Below you will find key information and tips that will help you in planning and successfully transitioning to this beautiful country, whether you are relocating, looking for work, or are an exchange student.
Slovenians, as EU members, do not need a visa to stay in Ireland. In the case of a longer stay, it is advisable to apply for a PPS number (Personal Public Service Number).
You can search for apartments on websites like Daft.ie or Rent.ie. Costs can vary greatly depending on the location and size, and rents in Dublin are usually higher.
The quality is good, but there may be waiting lists for some services. Slovenians can use the EHIC for basic services, and for additional services, private health insurance is recommended.
Slovenian driving licenses are valid in Ireland. If you plan to stay for an extended period, you can transfer your driving license through the local National Driver License Service (NDLS).
There is a wide range of schools, including public, private, and religious schools. Upon arrival, it’s best to consult with local authorities for the most suitable options for your children.
Use portals like IrishJobs.ie or Jobs.ie, and engage in local networking, such as the Shamrock Association.
Slovenians do not need a work permit in Ireland due to EU membership.
The average salary can vary greatly depending on the sector and experience. Check portals like Glassdoor for salary information in your sector.
You can open a bank account at one of the major banks, such as AIB, Bank of Ireland, or Ulster Bank. You will usually need an ID and proof of address.
Your employer will deduct taxes through the PAYE (Pay As You Earn) system. Depending on your income, income tax, social security contributions (PRSI), and Universal Social Charge (USC) will be deducted.
To open a business in Ireland, you’ll need a tax number (CRO) and a business bank account. The registration process can be done through the Companies Registration Office (CRO) in Ireland. EU citizens do not require special permission to operate.
Contact your home university or Erasmus coordinator for information on scholarships and financial aid.
Some universities offer student dormitories; otherwise, you can search on portals like Daft.ie or use intermediary agency services.
Tuition fees for Erasmus students are often covered by agreements between universities. Check with your home university.
You’ll need enrollment certificates, insurance, an EHIC card, and possibly financial proofs. Consult your Erasmus coordinator for specific requirements.
Irish universities have numerous clubs, societies, and events. Engage with the local student community and join organizations like the Shamrock Association to meet local Slovenians.
The weather in Ireland is very variable, and you can experience all four seasons in one day. Average winter temperatures range from 4 to 7°C, and summer temperatures range from 15 to 20°C. Rain is frequent, so it’s advisable to always carry an umbrella.
Yes, Ireland uses a special type of electrical socket (Type G), so you may need an adapter if your plugs are not of the appropriate shape.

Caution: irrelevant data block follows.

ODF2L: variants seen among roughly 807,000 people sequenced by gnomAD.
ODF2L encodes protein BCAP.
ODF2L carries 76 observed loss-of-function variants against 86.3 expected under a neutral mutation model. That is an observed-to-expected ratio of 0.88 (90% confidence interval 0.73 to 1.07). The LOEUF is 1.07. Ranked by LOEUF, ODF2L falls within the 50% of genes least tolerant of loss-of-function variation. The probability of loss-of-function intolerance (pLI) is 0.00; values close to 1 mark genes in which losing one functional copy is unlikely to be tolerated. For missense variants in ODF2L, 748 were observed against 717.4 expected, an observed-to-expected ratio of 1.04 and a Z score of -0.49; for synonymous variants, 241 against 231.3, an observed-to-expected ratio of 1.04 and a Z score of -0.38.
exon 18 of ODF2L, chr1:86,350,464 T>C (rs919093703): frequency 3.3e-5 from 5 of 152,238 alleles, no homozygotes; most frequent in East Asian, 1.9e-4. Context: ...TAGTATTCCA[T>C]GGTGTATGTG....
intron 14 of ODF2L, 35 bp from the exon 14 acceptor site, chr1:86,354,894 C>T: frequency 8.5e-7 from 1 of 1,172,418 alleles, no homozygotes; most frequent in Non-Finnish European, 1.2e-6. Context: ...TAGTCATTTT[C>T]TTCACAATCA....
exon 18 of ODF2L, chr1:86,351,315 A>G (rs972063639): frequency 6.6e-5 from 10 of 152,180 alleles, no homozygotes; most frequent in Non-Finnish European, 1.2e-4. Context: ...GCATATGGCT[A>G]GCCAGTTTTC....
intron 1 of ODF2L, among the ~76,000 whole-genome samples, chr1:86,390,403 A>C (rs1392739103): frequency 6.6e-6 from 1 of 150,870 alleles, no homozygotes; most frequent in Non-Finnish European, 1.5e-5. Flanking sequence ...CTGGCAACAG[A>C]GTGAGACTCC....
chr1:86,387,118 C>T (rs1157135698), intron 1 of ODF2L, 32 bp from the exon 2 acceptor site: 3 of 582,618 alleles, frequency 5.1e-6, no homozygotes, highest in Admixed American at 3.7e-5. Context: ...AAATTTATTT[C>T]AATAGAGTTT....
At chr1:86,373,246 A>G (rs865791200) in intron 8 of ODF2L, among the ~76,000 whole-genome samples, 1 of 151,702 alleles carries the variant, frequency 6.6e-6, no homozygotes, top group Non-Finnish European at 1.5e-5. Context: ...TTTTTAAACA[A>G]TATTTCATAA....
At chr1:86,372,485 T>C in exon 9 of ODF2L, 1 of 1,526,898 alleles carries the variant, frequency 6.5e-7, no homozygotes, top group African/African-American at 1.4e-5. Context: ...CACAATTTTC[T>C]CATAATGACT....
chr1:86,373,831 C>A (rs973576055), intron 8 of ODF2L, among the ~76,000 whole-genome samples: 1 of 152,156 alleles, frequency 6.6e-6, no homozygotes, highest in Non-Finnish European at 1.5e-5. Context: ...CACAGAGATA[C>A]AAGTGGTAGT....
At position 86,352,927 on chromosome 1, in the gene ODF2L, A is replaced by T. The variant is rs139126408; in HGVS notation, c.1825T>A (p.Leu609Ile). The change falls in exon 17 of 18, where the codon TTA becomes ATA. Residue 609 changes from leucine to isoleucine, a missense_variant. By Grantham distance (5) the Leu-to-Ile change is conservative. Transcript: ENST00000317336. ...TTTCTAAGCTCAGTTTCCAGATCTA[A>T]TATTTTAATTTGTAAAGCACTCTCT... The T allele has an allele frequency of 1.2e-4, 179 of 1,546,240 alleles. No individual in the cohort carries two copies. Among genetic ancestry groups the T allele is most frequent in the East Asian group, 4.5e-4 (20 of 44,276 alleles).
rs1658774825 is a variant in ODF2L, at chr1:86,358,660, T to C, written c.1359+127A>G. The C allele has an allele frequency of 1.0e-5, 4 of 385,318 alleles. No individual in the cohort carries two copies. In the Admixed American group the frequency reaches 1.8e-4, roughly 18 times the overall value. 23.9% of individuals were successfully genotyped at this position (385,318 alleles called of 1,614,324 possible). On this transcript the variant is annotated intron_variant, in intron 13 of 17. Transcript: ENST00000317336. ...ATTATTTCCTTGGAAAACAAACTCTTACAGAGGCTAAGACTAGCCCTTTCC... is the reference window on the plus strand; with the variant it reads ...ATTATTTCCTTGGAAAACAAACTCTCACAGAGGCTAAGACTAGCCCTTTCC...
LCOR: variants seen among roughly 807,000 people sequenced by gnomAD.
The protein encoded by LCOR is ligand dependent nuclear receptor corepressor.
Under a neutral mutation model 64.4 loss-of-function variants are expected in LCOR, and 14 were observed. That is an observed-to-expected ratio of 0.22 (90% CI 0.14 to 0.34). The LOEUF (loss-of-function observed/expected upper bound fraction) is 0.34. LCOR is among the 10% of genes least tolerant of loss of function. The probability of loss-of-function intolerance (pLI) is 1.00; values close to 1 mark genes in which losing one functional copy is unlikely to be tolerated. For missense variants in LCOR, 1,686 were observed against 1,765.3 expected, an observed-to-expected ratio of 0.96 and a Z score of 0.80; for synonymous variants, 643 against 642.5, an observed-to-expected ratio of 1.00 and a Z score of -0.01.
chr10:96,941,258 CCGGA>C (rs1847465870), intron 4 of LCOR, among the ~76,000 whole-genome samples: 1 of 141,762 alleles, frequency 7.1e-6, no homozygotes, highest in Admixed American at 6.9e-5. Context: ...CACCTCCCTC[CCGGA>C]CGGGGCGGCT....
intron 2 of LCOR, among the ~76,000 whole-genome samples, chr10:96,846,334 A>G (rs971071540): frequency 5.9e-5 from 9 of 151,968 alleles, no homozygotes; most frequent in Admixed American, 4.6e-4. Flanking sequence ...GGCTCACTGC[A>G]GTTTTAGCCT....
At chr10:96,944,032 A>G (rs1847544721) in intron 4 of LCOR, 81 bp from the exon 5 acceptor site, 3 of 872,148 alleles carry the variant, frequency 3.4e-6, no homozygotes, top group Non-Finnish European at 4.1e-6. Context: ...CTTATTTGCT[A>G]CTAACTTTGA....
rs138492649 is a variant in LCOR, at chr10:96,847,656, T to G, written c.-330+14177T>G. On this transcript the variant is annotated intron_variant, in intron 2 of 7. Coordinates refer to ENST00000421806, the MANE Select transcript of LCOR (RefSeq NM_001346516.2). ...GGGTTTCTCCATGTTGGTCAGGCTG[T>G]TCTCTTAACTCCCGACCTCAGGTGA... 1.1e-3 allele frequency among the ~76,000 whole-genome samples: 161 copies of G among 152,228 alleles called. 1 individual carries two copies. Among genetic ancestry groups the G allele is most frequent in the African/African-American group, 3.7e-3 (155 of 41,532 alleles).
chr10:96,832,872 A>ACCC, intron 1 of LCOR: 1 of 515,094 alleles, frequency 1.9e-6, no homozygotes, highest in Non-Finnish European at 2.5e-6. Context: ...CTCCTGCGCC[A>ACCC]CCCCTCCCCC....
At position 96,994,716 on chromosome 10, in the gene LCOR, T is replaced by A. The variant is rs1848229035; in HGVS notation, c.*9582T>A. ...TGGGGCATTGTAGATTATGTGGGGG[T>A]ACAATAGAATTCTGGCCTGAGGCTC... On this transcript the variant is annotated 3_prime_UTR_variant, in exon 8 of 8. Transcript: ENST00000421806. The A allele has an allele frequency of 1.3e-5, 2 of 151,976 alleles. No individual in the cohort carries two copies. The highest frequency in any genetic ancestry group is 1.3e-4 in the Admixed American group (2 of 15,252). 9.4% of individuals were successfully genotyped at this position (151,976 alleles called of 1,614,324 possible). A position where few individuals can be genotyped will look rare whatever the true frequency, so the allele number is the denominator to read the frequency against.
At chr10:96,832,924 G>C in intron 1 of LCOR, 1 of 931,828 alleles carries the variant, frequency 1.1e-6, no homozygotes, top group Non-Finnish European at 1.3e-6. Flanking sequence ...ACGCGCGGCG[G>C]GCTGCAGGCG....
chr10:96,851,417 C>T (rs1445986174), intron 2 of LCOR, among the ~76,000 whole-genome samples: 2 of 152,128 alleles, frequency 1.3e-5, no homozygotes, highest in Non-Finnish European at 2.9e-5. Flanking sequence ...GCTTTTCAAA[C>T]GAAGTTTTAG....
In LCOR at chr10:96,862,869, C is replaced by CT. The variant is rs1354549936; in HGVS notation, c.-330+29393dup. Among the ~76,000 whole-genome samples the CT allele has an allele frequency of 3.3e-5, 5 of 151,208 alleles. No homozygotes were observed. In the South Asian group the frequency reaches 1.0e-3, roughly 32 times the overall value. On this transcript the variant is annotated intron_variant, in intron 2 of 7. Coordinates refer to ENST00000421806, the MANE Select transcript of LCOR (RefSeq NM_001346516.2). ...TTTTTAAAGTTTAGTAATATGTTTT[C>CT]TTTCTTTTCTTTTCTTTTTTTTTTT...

Buses: The bus network is well-developed, especially in larger cities like Dublin and Cork. Bus Eireann and Dublin Bus are the main providers connecting urban and intercity routes.
Trains: The Irish railway network, known as Iarnród Éireann, connects major cities and offers comfortable travel. The Irish Rail website allows easy reservation and ticket purchase.
Trams: In Dublin, there are two tram lines, known as Luas, serving as an efficient way to travel around the city.
Taxis: Taxis are available in larger cities, and apps like Free Now make ordering easy.
Car Rentals: If you want to explore the countryside or move at your own pace, renting a car is a good option. Remember the left-hand traffic and check driving license requirements.
Bicycles: Some cities offer bike rental schemes like Dublin Bikes, convenient for shorter distances.
Flights: For longer distances between different parts of Ireland, you can use domestic flights, such as the connection between Dublin and Cork or Kerry.
Cash: Some buses still accept cash, but this is often more expensive and less convenient. Drivers need to be given the exact amount or paid with small bills.
Leap Card: Leap Card is a prepaid card that can be used on buses, trams (Luas), trains (DART and Commuter Rail), and some other transport services in Dublin and other cities. The card can be topped up at sales points, kiosks, or online platforms, allowing you to easily travel across different modes of transport. Using a Leap Card is often cheaper than paying with cash.
Mobile Apps: Some transport services offer the option to pay via mobile apps. The Leap Top-Up app allows you to top up your Leap Card on the go, and Free Now is a popular app for ordering and paying for taxis.
Online Purchases: For longer distances, like intercity trains, it’s advisable to buy tickets in advance online, where you can take advantage of any discounts.
Tourist Cards: Special cards like the Dublin Pass are available for tourists, which include unlimited transport and other benefits.
The official currency in Ireland is the Euro (€). Credit and debit cards are widely accepted in most shops, restaurants, and hotels, but it’s always smart to have some cash on hand for smaller purchases.
In Ireland, driving is on the left-hand lane. If you plan to drive, be mindful of this change, especially if you are used to right-hand traffic, as in Slovenia.
Drinking alcohol in public places (on the streets, in parks, etc.) may be illegal in some places in Ireland, depending on local regulations. Some cities have strict rules about this, so it’s best to avoid opening and consuming alcoholic beverages in public places if you are not sure about local regulations.